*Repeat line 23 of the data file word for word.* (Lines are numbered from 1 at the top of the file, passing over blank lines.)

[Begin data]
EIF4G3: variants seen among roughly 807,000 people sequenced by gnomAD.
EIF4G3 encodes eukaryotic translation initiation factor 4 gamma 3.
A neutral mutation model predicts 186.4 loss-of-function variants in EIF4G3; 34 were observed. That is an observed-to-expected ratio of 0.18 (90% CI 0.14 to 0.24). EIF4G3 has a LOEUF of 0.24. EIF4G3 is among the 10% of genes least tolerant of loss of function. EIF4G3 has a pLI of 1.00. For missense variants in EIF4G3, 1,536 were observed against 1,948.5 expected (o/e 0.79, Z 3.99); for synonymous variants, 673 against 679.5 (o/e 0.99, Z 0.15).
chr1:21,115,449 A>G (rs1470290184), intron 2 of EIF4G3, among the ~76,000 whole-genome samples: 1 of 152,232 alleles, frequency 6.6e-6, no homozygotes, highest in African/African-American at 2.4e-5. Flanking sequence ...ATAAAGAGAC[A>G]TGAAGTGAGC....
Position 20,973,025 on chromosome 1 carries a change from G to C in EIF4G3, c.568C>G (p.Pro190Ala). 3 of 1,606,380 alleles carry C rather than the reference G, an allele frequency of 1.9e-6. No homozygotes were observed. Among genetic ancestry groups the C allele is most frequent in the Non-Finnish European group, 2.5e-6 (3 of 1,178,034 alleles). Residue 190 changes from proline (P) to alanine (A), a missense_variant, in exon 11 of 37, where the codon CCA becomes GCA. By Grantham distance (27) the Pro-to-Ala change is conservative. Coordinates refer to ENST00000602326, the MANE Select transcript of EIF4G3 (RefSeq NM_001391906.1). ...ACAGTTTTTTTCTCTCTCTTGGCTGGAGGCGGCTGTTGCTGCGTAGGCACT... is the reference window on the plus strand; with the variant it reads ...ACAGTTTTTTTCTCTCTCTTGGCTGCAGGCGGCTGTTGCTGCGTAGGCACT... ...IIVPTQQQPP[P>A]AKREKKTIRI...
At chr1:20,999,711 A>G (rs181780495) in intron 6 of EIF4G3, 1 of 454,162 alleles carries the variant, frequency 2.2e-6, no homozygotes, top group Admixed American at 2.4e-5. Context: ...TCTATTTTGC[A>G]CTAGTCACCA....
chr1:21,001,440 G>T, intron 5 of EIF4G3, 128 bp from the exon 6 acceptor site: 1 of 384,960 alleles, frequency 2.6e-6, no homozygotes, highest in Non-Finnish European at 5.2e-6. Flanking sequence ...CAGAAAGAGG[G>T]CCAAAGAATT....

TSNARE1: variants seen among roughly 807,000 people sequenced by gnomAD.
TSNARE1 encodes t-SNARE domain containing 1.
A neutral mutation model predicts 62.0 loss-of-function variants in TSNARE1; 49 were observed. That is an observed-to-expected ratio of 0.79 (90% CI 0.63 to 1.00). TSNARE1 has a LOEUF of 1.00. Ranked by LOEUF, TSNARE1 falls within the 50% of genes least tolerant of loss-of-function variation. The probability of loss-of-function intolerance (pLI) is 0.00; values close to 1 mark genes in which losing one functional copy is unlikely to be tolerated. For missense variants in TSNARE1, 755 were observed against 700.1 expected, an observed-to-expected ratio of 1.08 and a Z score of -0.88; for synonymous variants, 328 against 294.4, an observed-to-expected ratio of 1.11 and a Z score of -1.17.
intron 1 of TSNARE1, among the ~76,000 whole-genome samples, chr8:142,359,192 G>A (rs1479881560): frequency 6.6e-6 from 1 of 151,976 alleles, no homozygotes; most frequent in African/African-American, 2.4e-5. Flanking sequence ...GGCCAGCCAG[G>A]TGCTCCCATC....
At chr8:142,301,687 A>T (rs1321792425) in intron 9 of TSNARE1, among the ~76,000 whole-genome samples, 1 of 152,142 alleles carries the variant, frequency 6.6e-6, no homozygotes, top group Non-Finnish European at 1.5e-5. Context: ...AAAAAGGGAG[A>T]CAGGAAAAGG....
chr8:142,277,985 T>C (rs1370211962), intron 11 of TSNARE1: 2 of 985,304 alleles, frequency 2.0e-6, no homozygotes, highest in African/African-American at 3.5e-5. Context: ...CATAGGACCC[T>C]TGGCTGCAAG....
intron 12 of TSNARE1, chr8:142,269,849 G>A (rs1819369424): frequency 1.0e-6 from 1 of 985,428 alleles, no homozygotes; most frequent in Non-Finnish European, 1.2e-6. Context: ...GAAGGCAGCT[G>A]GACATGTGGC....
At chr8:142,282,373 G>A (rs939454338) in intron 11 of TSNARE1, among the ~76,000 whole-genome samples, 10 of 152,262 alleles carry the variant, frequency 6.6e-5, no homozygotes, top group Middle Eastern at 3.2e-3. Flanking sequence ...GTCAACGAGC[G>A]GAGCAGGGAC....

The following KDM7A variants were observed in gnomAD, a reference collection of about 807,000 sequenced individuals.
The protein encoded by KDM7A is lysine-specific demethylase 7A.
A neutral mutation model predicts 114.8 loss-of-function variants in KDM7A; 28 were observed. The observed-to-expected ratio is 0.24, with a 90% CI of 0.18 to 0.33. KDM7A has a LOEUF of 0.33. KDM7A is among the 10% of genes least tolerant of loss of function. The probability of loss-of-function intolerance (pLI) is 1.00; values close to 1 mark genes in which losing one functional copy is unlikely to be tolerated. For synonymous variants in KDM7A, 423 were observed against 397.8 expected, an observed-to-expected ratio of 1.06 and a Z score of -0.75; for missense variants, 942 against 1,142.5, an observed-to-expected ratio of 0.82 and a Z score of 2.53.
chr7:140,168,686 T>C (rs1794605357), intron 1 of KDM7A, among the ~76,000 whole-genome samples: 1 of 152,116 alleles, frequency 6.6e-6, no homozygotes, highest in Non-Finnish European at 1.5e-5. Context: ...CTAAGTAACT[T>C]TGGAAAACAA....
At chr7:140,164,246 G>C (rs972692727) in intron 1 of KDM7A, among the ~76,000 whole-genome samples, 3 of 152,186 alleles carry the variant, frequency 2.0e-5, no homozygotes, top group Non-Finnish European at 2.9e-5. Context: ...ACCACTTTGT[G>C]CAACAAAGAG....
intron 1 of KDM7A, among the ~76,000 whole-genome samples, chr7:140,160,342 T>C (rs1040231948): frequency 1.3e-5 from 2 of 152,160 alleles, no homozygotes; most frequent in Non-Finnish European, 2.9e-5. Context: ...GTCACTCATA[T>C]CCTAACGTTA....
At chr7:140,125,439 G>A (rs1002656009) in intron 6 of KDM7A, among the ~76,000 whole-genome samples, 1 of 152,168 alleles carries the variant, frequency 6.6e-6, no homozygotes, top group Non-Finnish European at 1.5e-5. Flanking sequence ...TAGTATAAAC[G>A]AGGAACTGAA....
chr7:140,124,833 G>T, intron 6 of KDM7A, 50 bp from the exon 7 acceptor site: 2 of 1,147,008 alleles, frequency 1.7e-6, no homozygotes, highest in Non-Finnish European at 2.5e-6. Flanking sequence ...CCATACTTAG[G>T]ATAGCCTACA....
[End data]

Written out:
chr7:140,124,833 G>T, intron 6 of KDM7A, 50 bp from the exon 7 acceptor site: 2 of 1,147,008 alleles, frequency 1.7e-6, no homozygotes, highest in Non-Finnish European at 2.5e-6. Flanking sequence ...CCATACTTAG[G>T]ATAGCCTACA....